Oil prices jumped more than $1 a barrel on Monday after major producers finally agreed their biggest-ever output cut, but gains were capped amid concern that it will not be enough to head off oversupply with the coronavirus pandemic hammering demand.
After four days of wrangling, the Organization of the Petroleum Exporting Countries (OPEC), Russia and other producers, a group known as OPEC+, agreed on Sunday to cut output by 9.7 million barrels per day (bpd) to support oil prices, sources said, representing about 10 percent of global supply.
Total global oil supply cuts could come to 20 million barrels per day, approximately 20 percent of global supply, Kuwait’s oil minister said.
Brent crude futures rose $1.23, or 3.9 percent, to $32.71 a barrel by 00:58 GMT after opening at a session high of $33.99. United States West Texas Intermediate (WTI) crude futures were up $1.39, or 6.1 percent, to $24.15 a barrel, after hitting a high of $24.74.
Still, demand concerns capped oil price gains. Worldwide fuel consumption is down roughly 30 percent, due to the COVID-19 pandemic that has killed more than 100,000 people globally and kept businesses and governments on lockdown.
“These levels of production cuts are not material to oil prices in the near term, given the deep hole in demand we are likely to see in 2Q20 (the second quarter of 2020),” Suvro Sarkar, regional energy analyst at DBS Bank told Al Jazeera.
“However, the cuts do signal to the market that producers are willing to control supply going forward, unlike the situation of price wars that Saudi and Russia were hitherto engaged in,” he said.
Leaders of the world’s top three oil producers – Russian President Vladimir Putin, US President Donald Trump and Saudi Arabia’s King Salman – all supported the OPEC+ deal to cut global crude output, the Kremlin said on Sunday.
Trump praised the deal, saying it would save jobs in the US energy industry.
Saudi Arabia, Kuwait and the United Arab Emirates volunteered to make cuts even deeper than those agreed, which would effectively bring the OPEC+ supply down by 12.5 million bpd from current supply levels, the Saudi energy minister said.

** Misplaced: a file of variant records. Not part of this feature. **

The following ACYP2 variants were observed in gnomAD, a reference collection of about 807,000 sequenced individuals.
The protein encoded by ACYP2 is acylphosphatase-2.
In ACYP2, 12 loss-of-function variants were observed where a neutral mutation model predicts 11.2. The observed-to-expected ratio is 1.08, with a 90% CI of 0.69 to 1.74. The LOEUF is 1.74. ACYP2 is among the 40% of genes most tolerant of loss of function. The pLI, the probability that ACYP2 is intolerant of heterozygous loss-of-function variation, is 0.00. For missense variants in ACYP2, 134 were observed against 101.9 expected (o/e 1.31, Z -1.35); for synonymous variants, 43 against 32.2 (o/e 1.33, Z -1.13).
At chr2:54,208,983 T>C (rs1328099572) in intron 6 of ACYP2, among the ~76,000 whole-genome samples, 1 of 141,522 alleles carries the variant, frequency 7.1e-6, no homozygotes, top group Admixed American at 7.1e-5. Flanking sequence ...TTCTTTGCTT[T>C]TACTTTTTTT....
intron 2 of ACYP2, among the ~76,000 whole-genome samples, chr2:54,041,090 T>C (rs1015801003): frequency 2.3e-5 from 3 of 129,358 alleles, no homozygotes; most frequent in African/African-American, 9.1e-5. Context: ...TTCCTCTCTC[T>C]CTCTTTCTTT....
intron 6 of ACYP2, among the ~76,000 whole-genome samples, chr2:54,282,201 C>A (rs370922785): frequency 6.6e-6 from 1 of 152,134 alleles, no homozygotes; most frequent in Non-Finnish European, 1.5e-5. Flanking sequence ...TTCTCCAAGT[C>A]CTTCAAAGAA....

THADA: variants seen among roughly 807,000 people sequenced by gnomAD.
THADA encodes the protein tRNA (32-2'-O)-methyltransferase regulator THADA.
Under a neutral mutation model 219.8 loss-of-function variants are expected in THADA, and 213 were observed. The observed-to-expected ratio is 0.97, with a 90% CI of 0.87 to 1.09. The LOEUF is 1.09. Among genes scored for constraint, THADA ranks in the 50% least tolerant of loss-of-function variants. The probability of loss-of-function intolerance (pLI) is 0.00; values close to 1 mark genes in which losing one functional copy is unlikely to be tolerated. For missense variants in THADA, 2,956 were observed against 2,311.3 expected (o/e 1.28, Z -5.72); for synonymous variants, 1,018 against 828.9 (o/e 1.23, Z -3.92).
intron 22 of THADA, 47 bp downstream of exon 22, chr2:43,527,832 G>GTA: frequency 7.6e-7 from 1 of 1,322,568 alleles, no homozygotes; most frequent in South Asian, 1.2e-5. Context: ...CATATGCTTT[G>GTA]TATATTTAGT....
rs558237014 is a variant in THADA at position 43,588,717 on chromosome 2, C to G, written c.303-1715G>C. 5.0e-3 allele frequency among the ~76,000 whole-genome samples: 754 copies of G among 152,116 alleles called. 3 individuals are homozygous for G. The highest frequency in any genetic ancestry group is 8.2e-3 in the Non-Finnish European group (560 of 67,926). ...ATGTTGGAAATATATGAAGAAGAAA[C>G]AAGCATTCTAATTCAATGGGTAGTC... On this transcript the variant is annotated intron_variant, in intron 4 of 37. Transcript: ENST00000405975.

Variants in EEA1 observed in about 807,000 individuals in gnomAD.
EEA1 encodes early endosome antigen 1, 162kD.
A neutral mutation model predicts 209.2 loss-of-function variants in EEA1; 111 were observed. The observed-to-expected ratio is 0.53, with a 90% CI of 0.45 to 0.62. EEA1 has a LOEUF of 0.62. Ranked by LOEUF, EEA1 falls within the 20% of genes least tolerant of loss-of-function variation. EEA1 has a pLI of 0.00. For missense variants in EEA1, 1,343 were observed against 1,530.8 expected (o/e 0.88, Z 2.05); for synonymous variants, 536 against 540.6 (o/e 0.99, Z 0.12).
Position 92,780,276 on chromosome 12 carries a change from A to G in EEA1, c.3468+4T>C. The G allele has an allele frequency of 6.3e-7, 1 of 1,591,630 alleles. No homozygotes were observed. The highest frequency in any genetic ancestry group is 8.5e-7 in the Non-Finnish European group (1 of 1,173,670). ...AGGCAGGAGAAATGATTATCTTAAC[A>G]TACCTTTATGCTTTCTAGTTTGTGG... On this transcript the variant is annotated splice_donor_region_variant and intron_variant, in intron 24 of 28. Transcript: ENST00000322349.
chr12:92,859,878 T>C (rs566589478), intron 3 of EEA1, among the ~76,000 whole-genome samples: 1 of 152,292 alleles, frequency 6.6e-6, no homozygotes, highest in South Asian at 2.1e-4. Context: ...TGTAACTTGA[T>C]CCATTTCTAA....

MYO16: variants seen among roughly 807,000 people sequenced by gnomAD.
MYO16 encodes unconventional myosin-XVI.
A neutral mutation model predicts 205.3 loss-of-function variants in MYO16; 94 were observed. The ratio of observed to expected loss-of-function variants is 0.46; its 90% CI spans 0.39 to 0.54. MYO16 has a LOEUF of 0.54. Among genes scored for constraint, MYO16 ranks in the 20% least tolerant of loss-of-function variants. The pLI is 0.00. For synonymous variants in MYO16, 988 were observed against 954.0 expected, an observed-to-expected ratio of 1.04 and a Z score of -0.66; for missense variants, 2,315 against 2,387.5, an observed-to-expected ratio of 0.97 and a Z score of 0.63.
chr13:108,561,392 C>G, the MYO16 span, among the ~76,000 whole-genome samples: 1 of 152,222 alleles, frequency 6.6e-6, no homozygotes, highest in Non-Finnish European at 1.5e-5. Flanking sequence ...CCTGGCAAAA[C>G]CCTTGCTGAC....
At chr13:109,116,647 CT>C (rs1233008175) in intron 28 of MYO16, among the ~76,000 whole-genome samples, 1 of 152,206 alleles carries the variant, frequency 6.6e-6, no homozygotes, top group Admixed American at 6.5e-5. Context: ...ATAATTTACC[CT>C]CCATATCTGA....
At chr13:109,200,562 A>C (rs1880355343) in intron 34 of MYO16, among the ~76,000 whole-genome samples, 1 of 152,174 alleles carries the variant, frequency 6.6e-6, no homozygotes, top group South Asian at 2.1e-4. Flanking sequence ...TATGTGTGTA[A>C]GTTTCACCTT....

The deal had been delayed since Thursday after Mexico baulked at the production cuts it was asked to make. The OPEC+ group met on Sunday to hammer out the agreement, resulting in an output cut four times deeper than the previous record reduction in 2008.
OPEC+ has also said it wanted producers outside the group, such as the US, Canada, Brazil and Norway, to cut a further 5 percent or 5 million bpd.
Canada and Norway signalled a willingness to cut. The US, where antitrust legislation makes it hard to act in tandem with cartels such as OPEC, has said its output would already fall by as much as 2 million bpd this year without planned cuts because of low prices.
“While the OPEC+ cuts does not seem to be conditional on US cuts, there is a risk that the members could have a rethink if they don’t see US production falling over a period of time,” Sarkar said.
Goldman Sachs said on Sunday that oil prices would continue to fall in the coming weeks, reasoning that a “historic yet insufficient” deal by major oil producers to cut output is unlikely to offset a coronavirus-led demand rout.
Even with core-OPEC members fully complying with the cuts, and 50 percent compliance by all other countries that have agreed to curb production in May, the voluntary cuts would translate into a reduction of only 4.3 million bpd from first-quarter levels, the bank said.
The bank saw downside risks to its short-term oil price forecast of about $20 per barrel for Brent, but projected the global crude benchmark would outperform US oil because OPEC+ producers’ exports would likely fall, freeing up floating storage space.
A bigger output cut by G20 nations would also not help much, it said.
“Ultimately, this simply reflects that no voluntary cuts could be large enough to offset the 19 million bpd average April-May demand loss due to the coronavirus.”